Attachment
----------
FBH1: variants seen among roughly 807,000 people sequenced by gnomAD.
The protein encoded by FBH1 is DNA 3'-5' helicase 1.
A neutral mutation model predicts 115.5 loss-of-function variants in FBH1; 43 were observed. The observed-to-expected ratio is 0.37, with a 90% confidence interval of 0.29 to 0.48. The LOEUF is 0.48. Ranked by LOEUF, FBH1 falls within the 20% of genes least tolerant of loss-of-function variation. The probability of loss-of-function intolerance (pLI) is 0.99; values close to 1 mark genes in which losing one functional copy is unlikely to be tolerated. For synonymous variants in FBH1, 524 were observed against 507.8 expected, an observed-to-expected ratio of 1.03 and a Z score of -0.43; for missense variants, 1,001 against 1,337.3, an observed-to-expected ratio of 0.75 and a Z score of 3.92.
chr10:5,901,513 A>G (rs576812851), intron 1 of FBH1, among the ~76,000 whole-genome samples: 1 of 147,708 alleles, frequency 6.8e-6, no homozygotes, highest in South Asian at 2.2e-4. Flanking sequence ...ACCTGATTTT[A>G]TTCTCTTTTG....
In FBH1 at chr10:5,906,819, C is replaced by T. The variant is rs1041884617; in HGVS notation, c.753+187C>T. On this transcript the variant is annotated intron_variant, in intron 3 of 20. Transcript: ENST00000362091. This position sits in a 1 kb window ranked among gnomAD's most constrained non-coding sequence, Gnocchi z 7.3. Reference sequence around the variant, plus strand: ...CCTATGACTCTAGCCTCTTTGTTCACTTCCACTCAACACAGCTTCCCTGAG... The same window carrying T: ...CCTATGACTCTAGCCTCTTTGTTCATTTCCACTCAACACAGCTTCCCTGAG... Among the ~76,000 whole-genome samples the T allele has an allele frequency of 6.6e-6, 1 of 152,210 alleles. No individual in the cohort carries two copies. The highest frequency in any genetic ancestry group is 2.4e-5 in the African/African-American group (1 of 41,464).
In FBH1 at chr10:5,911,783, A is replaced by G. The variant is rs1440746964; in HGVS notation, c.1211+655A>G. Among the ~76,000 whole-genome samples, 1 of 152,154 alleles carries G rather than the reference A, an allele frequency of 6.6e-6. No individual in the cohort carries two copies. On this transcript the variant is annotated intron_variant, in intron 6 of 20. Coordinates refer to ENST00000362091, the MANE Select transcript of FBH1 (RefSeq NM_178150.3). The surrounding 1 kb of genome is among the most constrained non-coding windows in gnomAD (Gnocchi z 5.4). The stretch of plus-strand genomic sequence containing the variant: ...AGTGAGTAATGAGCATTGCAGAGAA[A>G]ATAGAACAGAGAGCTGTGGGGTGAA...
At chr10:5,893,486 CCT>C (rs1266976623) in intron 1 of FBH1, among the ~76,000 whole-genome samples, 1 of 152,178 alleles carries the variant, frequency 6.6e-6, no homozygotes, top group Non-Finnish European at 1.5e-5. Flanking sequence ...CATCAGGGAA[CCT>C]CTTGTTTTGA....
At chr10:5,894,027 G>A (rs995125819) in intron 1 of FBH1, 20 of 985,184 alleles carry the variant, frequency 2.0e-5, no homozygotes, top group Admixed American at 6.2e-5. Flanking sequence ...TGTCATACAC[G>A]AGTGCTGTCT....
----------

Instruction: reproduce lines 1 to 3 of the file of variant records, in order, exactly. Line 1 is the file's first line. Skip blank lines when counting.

FBH1: variants seen among roughly 807,000 people sequenced by gnomAD.
The protein encoded by FBH1 is DNA 3'-5' helicase 1.
A neutral mutation model predicts 115.5 loss-of-function variants in FBH1; 43 were observed. The observed-to-expected ratio is 0.37, with a 90% confidence interval of 0.29 to 0.48. The LOEUF is 0.48. Ranked by LOEUF, FBH1 falls within the 20% of genes least tolerant of loss-of-function variation. The probability of loss-of-function intolerance (pLI) is 0.99; values close to 1 mark genes in which losing one functional copy is unlikely to be tolerated. For synonymous variants in FBH1, 524 were observed against 507.8 expected, an observed-to-expected ratio of 1.03 and a Z score of -0.43; for missense variants, 1,001 against 1,337.3, an observed-to-expected ratio of 0.75 and a Z score of 3.92.